➳ [Reading] ➶ Black Boy: A Record of Youth and Childhood By Richard Wright ➩ – Uroturk.info

Hunger Humiliation Hate Hurt How to describe the life of a poor, uneducated boy in the Jim Crow South between the world wars Possibly, he would have led a less vulnerable life, had he been able to tune out his intelligence and his sensitivity Possibly, he would have fared better if he hadn t been born to see human beings beyond the colour of their skin and their power to hurt But he was born free, and therefore a target.A target in his own family, where he was punished for his lack of submission to the demeaning rituals of religion This business of saving souls had no ethics every human relationship was shamelessly exploited In essence, the tribe was asking us whether we shared its feelings if we refused to join the church, it was equivalent to saying no, to placing ourselves in the position of moral monsters The hierarchy of religious submission, kept in place by emotional blackmail, is mirrored in the god given segregation and exploitation of African Americans by white supremacists on all levels of interaction Keep your head down, smile and bow to the white population, and you may be spared, if you are lucky Show a white person that you do not believe in their right to mistreat you, and you will be lynched Even if you submit physically to the commands of your tribe and of the white community, it is not enough Walking upright and thinking for yourself is a danger in itself, even if you stick to the rules As Orwell put it you have to LOVE Big Brother Thou shalt not think That is the commandment that Richard Wright learns as a beaten, hungry, neglected child You can kill and steal and drink and cheat, but you cannot think Thinking or putting thoughts on paper, or taking help from books to further develop thinking skills is punishable with excommunication or death, both in the religious community of the own tribe and in the terror regime of racism.But what are you to become if you have a sense of human dignity and social justice You act around white people as if you didn t know that they are white And they see it Oh Christ, I can t be a slave , I said hopelessly But you ve got to eat , he said Yes, I got to eat Following Richard Wright s path to breaking free from the dilemma of being human and having to eat is a chilling reading experience, one that reminds us why we can t shrug off the rising voices of tribalism as fringe phenomena They are not And they use the fact that hunger or need can drive a person to do many things The indignity of being hungry creates the power vacuum that plays into the hands of a privileged tribe The miracle is that Wright survived his childhood and grew up to be able to tell his story In that sense, it is a story of hope for humanity If you can find a way to fake a library card to borrow books in a town where African Americans are excluded from the right to gain knowledge from reading, if you can save money to buy a train ticket out of hell, if you can find enough things worth living for to never give up, then you send a message of hope What was the turning point in Richard Wright s life Storytelling The stories he read, the stories he wrote, the stories he heard, the stories he made up for a better future Storytelling is food for humanity Yes, I got to eat. Black Boy is the book that made me fall in love with reading I was in Italy with my family on spring break and I was required to read Black Boy for my english class This book pulled me in I remember walking around Italy with my nose in the book, barely looking up I made my step dad stop in a bookstore so I could buy books by Richard Wright I read Native Son next As Black Boy is Wright s autobiography, I was enthralled with Richard Wright s life and how he was able to escape the hardships and pains of his life by reading and getting absorbed into the story of someone else s life I needed that escape at that point in my life and Wright taught me that when life is hard and you don t want to think about your reality any, you can always pick up a good book. Professor Amy Hungerford points out in her Open Yale lectures there is a certain amount of well founded doubt as to the absolute accuracy of this work as an autobiography Wright, however, does not claim this as his life, but rather as a Record of Youth and Childhood, the tale of a Black Boy growing up in the Southern States between the two World Wars Thus a generic life There can be no doubt whatsoever about its emotional authenticity I read this with a kind of ghastly horrified fascination, thinking only what a dreadful time and place for an intelligent young black man to be alive As a boy, Richard is routinely, relentlessly, habitually beaten by his mother and his grandmother, and later the same kind of treatment is attempted by an uncle and an aunt But this is no mawkish misery memoir of the kind that seemed to dominate the bestseller lists for a while, spawning a whole spate of copycat accounts of dubious provenance, this is not the uplifting tale of one person s triumph over adversity No, this is generic that kind of upbringing was the best intentioned attempt by Richard s family to beat out of him a characteristic that might prove fatal to a black man living under the Jim Crow statutes a sense of self worth An attitude that the whites might perceive to be sassy Richard is beaten for being lippy, for talking back, for claiming that there is a version of the truth that he sees and that may be at odds with the truth of authority All untenable, dangerous positions for a black man to take His mother and grandmother know the only way for a black man to survive by turning into a childish buffoon or a servile idiot, the roles expected by that white culture that surrounds them They recognize, too, the danger that a rebellious young man may find the only outlet for his aspirations the creativity of crime, how best to cheat and steal, and they take refuge in exaggerated religiosity that offers rules but no comfort Certainly Richard can find nothing for himself there.Prof Hungerford also tells the publication history of this work it was originally one third longer than the version I read, was written in two parts Southern Night is basically what we have here, and The Horror and the Glory , which follows Richard after he moved to Chicago in 1927, at the age of nineteen At the time of its publication in 1944, the Book of the Month Club is a hugely influential marketing tool, and their board decides that they don t want the second section at all, and in fact that is what Richard Wright agrees to But what difference does this make Well, any novel of this kind can be seen as a Bildungsroman, the story of a youth and his development to manhood The point is that manhood cannot be attained in that place at that time Richard needs a second childhood in Chicago in order to attain that state of autonomous, thinking individual whose opinion is sought and valued In Jackson, even in Memphis urban he is required to remain a child in order to survive His first venture into the white world of work illustrates this clearly Do you want this job the woman asked Yes, ma am, I said, afraid to trust my own judgement Now, boy, I want to ask you one question and I want you to tell me the truth, she said Yes, ma am, I said, all attention Do you steal she asked me seriously.I burst into a laugh and then checked myself What s so damn funny about that she asked Lady, if I was a thief, I d never tell anybody p 145 Richard realises his mistake immediately he has recognized the naivety of the question, has betrayed his shock at an attitude of mind that will not even allow him the subtlety of intellect to see the possibility of telling a self serving untruth when necessary He sees that white people want to keep him and other black men in their place and their place is that of a subservient child, or even an animal like plaything for the amusement of the whites He has to get out of the South, not only because his ego is in danger of going under, but, as is constantly brought home, he is in mortal danger Lynchings are part of his reality.How does he survive, how does he manage to emerge from this Stories First reading, initially escapist fantasies, and then also writing Then later, through a subterfuge with a library ticket, as he is not allowed to borrow from the library himself, he reads voraciously, finding that it was out of the emotional impact of imaginative construction of heroic or tragic deeds, that I felt touching my face a tinge of warmth from an unseen light and in my leaving I was groping toward that invisible light, always trying to keep my face so set and turned that I would not lose the hope of its faint promise, using it as my justification for action p.260 261 The aspirational power of literature is what saves him it offers him the idea of another world, a world that he, too, can be part of. I felt something shift in me as a reader as I neared the end of Wright s autobiography Where he began relating his experiences of, and delineating his theoretical disagreements with, the Communist party in Chicago, my experience of reading became less interactive, less organic, and to some degree, less interesting I think I stopped making personal connections to the material I was no longer reading to discover what feelings, ideas, or insights his story would incite in me Instead, I began engaging with his words on an intellectual level, processing the points of his argument and accepting some and rejecting others It occurred to me, that at this point in the book, his style changed, and this observation allowed me to ponder again something that Phillip had said about my first workshop submission that my writing in that piece tended to the sociological than to the literary One of the ways I ve come to understand that comment is through Virginia Woolf s observation in A Room of One s Own that when a book lacks suggestive power, however hard it hits the surface of the mind it cannot penetrate within Some books simply educate, while others enlighten by allowing the reader s experience to mix with those on the page Or, some, like Wright s, begin in a brilliant literary vein but veer off when the writer becomes too didactic. Black Boy Is A Classic Of American Autobiography, A Subtly Crafted Narrative Of Richard Wright S Journey From Innocence To Experience In The Jim Crow South An Enduring Story Of One Young Man S Coming Of Age During A Particular Time And Place, Black Boy Remains A Seminal Text In Our History About What It Means To Be A Man, Black, And Southern In America I hesitated between 3 and 4 stars for Black Boy I felt that it was similar in structure to Invisible Man by Ellison but the writing, in my opinion was inferior Like Ellison, the novel starts with Wright s childhood in the South deserted by his father and always hungry the original title was American Hunger he teaches himself to read a dangerous occupation for a black person in the South of the 20s and discovers and suffers from poverty and racism However, the narrative was quite plodding in the beginning and only really interested me when he started reading Sinclair Lewis, Proust and Dostoyevsky When he is a little older, he manages to move north, but unlike the Invisible Man, he chooses Chicago where he has family rather than Harlem He has a conflictual relationship with the Communist Party there from which he is ultimately rejected The book ends rather suddenly after this rejection Perhaps Wright s message and intent in writing this memoir is best summed up a quote from Part 2 in Chapter XV, but sharing the culture that condemns him, and seeing that a lust for trash is what blinds the nation to his claims, is what sets storms to rolling in his soul It is not a very optimistic book and sorry to be repetitive I really found Invisible Man far engaging and even deeper when exploring the same themes of racism s deep corruption of everything it touches and how black intellectuals had to struggle against white supremacists as well as a slavery damaged Black community which to a great extent had lost their dignity a dignity that both Wright and Ellison fought to restore during both of their careers It is fair to say that without Wright and Ellison, there would have never been a MLK or Obama. i m in the minority minority heh heh in finding this book superior to ellison s invisible man it might not be as daring, might lack the touch of modernist irony, but sometimes ya gotta shove all that aside and recognize a great book for just being a great book something ellison s book just ain t. I would give a million stars to this book if I could Richard Wright lived from 1908 to 1960, the book is an autobiography taking place from around 1912 to 1928 The book mainly focuses on Wrights childhood such as the abuse he suffered under his father, his mothers illness, having to move house constantly, the ever present threat of starvation and living as a young black boy in the South after the civil war As the story progresses, Richard is mistreated terribly by almost everyone around him He slowly learns through gruesome exposure that he is of a lower class to the whites who live in the city and pays the price many times for not acting like how a coloured man is supposed to act He is forced to fight and steal to earn his daily bread but while living with the threat of violence looming over him he teaches himself to read and write, picking up a great love of literature which set him on the path to breaking free of the cultural prison he is in As I understand it, this book as well as other books written by Wright where used as inspiration during the civil rights movements His life is extremely raw, painful, heart breaking and uncensored The account of what is was like to live in the South Jackson as a young black man is very difficult and upsetting at times to read There were points where I stopped, looked at my own hands I m white and cried for all those of coloured skin who suffered there whole lives at the hands of white greed This book was challenging, incredibly moving and thought provoking It is not glossy or defiant in the face of evil, you walk with Richard through a hell that he was forced into and you can only hope that he makes the jump to the North and in doing so, finds some peace at the end of the story 5 5 This book changed the world Thank you Mr Wright for not giving up on humanity x Did I seriously just start this book two days ago I lost track of time while I was reading this I just sort of fell into it, only coming up for air for pesky things like work And peeing.I m ashamed to say I haven t read anything by Richard Wright prior to this I ve been sitting on a few of his books, not really sure what I was waiting for I decided to start with this one as it s a memoir and I figured a good a place as any to get a feel for an author Now I m glad I did so I learned quite a good deal about Wright, starting from the age of four when he accidentally started his grandparents house on fire and finishing somewhere in his twenties after his stint with the Communist Party.There s a lot in between too, all blanketed in hunger, violence, racial tensions, and fear It s not a pleasant read, but hard to put down once started There s a lot of uncomfortable material regarding things that were done or said to Wright, certainly but there s also a lot of uncomfortable material regarding things that Wright did and said He was not shy in his hate of white people, aside from maybe one or two exceptions detailed in this book.But it s those things that make this such an important book for everyone to read There s a lot of uncomfortable things involving race in the news right now and always , and reading this book makes one realize so little has changed since the 1940s when this was published Wright doesn t offer any solutions here, though that was not his intention He just wanted to have a voice. Here s Richard Wright going door to door in the 1920s Jim Crow South trying to sell his dog for a dollar because he s starving A white lady offers him 97 cents and, feeling some distant surge of fury inside, he turns her down, goes home with his dog and his hunger A few days later view spoiler the dog gets run over by a coal truck, hide spoiler Black Boy: A Record of Youth and Childhood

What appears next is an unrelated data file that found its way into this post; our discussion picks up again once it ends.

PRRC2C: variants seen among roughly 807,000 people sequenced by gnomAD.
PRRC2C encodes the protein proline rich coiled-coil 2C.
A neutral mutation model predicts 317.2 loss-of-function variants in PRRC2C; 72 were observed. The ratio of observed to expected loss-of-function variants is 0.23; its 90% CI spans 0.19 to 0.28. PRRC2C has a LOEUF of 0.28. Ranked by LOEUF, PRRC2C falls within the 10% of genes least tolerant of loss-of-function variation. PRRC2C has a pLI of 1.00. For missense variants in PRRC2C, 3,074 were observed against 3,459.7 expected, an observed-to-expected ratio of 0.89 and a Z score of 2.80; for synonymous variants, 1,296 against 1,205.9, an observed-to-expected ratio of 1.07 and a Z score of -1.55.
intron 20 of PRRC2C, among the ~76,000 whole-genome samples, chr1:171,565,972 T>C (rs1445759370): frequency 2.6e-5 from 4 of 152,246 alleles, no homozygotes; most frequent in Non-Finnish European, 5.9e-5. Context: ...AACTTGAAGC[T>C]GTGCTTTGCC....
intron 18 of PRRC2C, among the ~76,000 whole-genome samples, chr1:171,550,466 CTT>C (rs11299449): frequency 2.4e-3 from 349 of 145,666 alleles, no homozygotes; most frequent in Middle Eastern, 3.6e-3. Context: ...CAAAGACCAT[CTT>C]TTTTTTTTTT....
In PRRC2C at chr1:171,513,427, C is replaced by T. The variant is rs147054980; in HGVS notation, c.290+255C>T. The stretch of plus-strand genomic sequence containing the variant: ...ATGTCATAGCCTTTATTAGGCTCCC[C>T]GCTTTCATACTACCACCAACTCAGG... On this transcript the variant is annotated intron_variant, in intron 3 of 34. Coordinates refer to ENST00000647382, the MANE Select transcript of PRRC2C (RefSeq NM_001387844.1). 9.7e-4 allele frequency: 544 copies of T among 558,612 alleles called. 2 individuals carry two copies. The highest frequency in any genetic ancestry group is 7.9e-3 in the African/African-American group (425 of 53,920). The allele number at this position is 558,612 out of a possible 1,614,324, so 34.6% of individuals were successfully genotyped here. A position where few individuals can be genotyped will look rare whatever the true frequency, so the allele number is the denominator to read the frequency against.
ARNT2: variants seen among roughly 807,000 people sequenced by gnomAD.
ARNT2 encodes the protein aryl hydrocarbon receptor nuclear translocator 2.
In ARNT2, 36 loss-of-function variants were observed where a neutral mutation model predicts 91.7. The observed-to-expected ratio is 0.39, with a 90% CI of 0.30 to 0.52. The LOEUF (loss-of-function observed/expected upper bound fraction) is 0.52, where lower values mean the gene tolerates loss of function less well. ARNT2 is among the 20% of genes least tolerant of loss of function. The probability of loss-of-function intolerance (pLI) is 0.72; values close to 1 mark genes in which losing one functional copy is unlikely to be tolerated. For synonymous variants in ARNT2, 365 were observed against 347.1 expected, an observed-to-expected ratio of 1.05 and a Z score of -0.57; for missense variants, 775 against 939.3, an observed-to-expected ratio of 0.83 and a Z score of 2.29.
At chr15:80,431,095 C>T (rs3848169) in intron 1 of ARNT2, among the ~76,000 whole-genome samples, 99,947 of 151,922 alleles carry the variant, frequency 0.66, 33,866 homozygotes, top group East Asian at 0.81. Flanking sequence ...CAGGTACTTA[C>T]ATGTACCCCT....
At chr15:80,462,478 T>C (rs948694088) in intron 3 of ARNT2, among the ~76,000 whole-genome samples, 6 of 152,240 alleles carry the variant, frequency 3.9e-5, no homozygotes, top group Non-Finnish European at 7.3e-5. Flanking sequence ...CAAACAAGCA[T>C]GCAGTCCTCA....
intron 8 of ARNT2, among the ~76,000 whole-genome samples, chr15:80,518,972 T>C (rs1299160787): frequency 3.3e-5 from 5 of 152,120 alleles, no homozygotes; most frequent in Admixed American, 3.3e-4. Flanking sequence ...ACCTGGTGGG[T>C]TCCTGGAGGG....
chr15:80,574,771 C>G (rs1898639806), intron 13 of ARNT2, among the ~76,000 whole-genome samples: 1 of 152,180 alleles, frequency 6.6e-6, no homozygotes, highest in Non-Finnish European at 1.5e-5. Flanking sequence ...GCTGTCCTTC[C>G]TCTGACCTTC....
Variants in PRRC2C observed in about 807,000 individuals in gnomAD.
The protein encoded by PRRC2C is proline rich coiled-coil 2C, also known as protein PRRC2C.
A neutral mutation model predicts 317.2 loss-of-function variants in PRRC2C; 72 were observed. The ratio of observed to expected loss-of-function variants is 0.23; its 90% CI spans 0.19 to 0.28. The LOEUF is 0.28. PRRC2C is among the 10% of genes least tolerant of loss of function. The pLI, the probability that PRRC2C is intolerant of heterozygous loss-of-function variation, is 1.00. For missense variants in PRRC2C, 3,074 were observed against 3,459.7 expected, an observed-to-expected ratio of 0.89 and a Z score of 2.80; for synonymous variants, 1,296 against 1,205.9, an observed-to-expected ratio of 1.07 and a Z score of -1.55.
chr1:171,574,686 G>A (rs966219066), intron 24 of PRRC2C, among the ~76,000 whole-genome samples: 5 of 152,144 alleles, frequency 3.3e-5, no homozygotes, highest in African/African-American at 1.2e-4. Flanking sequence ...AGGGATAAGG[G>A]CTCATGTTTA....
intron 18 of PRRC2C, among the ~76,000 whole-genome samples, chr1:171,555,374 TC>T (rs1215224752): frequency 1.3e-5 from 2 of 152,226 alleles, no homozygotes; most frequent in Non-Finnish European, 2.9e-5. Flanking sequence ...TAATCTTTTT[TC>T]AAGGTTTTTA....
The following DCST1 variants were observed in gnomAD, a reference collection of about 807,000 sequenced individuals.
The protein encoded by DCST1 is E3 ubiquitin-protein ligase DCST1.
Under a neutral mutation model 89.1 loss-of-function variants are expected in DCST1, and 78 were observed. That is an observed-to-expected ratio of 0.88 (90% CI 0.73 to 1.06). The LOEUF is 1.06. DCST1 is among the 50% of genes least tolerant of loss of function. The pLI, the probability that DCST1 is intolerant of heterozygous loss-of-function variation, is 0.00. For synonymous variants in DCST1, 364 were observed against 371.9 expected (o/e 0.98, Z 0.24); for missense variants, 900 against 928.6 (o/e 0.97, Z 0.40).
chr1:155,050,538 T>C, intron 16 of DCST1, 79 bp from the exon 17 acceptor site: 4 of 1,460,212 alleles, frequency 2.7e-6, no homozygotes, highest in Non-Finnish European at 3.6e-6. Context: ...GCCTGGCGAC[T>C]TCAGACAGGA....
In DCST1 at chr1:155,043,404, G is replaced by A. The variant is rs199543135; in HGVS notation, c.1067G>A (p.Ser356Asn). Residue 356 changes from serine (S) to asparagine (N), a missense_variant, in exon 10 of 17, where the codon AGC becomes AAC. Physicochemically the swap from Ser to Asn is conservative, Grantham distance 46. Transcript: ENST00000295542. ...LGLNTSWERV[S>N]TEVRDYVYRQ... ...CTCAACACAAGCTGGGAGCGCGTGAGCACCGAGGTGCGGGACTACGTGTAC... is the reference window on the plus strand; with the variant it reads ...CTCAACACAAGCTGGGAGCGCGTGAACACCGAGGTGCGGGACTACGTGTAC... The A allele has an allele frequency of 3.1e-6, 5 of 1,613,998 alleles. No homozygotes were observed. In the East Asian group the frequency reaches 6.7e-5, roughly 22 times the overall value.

About the Author: Richard Wright

Richard Nathaniel Wright was an African American author of powerful, sometimes controversial novels, short stories and non fiction Much of his literature concerned racial themes His work helped redefine discussions of race relations in America in the mid 20th century Librarian Note There is than one author in the GoodReads database with this name.

Leave a Reply

Your email address will not be published. Required fields are marked *